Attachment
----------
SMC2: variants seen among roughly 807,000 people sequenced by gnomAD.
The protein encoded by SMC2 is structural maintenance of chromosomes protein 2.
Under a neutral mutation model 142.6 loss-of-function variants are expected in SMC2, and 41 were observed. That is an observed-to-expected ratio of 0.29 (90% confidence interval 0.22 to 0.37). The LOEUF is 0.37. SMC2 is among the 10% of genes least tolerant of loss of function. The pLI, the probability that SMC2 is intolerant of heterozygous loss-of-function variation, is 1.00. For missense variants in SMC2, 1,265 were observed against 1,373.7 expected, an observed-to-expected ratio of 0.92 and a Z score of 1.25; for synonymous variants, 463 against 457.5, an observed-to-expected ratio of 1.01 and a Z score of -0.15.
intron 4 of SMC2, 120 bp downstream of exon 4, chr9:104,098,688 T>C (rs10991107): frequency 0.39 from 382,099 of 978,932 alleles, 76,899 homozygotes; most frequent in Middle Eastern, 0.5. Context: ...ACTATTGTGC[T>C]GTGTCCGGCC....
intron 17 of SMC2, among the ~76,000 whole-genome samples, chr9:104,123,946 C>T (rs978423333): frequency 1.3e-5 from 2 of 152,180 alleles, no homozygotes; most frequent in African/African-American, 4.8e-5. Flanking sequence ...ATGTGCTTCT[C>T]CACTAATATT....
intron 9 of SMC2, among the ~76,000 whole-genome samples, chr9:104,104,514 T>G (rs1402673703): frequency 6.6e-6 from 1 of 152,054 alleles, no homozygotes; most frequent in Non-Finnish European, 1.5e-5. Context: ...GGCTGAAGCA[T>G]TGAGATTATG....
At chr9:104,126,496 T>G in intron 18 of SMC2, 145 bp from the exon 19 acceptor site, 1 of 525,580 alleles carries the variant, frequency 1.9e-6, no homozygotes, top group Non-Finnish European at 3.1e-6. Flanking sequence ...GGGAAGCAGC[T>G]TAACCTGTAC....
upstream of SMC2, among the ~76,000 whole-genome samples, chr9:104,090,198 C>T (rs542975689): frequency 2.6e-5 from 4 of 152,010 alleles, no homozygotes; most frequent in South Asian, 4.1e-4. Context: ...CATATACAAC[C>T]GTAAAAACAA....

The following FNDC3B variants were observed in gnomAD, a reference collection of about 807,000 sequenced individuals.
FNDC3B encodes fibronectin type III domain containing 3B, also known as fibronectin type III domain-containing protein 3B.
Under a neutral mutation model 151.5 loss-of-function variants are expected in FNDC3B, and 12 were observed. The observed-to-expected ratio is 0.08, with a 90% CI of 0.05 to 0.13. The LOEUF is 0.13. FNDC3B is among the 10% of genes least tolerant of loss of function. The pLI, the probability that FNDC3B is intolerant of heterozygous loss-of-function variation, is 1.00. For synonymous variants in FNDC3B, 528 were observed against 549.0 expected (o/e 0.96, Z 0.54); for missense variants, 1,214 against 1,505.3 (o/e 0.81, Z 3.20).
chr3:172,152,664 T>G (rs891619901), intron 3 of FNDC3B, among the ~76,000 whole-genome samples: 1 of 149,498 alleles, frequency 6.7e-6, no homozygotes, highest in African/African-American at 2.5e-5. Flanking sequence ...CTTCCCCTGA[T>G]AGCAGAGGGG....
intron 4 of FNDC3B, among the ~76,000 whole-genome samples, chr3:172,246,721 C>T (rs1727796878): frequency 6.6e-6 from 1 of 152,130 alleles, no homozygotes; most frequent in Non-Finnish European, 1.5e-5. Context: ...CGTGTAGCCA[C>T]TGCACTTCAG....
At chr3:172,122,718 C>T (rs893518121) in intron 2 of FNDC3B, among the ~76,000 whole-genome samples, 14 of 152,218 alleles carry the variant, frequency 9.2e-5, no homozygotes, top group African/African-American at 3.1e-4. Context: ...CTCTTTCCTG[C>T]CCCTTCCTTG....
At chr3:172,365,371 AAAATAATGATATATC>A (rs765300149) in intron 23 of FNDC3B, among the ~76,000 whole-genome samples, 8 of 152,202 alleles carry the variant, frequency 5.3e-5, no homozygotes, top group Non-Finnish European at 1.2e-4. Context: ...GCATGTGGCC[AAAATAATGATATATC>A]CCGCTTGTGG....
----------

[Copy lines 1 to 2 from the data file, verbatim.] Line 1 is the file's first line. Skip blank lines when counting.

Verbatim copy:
SMC2: variants seen among roughly 807,000 people sequenced by gnomAD.
The protein encoded by SMC2 is structural maintenance of chromosomes protein 2.